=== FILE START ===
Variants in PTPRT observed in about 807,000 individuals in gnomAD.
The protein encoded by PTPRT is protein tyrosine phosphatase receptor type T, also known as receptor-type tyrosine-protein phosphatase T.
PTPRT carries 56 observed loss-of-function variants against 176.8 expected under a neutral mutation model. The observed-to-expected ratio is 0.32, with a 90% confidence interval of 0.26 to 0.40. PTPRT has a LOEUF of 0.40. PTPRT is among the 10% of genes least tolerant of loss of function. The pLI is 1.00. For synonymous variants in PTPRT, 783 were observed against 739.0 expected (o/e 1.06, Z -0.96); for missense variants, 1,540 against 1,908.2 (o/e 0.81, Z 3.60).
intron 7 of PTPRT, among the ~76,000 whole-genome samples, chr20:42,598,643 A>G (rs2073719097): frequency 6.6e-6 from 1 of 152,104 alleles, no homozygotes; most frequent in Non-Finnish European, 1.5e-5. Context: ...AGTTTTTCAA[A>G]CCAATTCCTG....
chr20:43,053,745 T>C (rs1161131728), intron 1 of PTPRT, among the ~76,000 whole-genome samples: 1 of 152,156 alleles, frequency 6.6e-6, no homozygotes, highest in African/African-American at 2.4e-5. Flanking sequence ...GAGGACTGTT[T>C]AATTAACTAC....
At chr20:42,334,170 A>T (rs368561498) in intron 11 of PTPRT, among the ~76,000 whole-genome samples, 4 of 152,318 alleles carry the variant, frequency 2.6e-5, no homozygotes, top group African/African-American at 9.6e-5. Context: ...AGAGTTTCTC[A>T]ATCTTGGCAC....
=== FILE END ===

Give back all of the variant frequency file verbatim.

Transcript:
Variants in PTPRT observed in about 807,000 individuals in gnomAD.
The protein encoded by PTPRT is protein tyrosine phosphatase receptor type T, also known as receptor-type tyrosine-protein phosphatase T.
PTPRT carries 56 observed loss-of-function variants against 176.8 expected under a neutral mutation model. The observed-to-expected ratio is 0.32, with a 90% confidence interval of 0.26 to 0.40. PTPRT has a LOEUF of 0.40. PTPRT is among the 10% of genes least tolerant of loss of function. The pLI is 1.00. For synonymous variants in PTPRT, 783 were observed against 739.0 expected (o/e 1.06, Z -0.96); for missense variants, 1,540 against 1,908.2 (o/e 0.81, Z 3.60).
intron 7 of PTPRT, among the ~76,000 whole-genome samples, chr20:42,598,643 A>G (rs2073719097): frequency 6.6e-6 from 1 of 152,104 alleles, no homozygotes; most frequent in Non-Finnish European, 1.5e-5. Context: ...AGTTTTTCAA[A>G]CCAATTCCTG....
chr20:43,053,745 T>C (rs1161131728), intron 1 of PTPRT, among the ~76,000 whole-genome samples: 1 of 152,156 alleles, frequency 6.6e-6, no homozygotes, highest in African/African-American at 2.4e-5. Flanking sequence ...GAGGACTGTT[T>C]AATTAACTAC....
At chr20:42,334,170 A>T (rs368561498) in intron 11 of PTPRT, among the ~76,000 whole-genome samples, 4 of 152,318 alleles carry the variant, frequency 2.6e-5, no homozygotes, top group African/African-American at 9.6e-5. Context: ...AGAGTTTCTC[A>T]ATCTTGGCAC....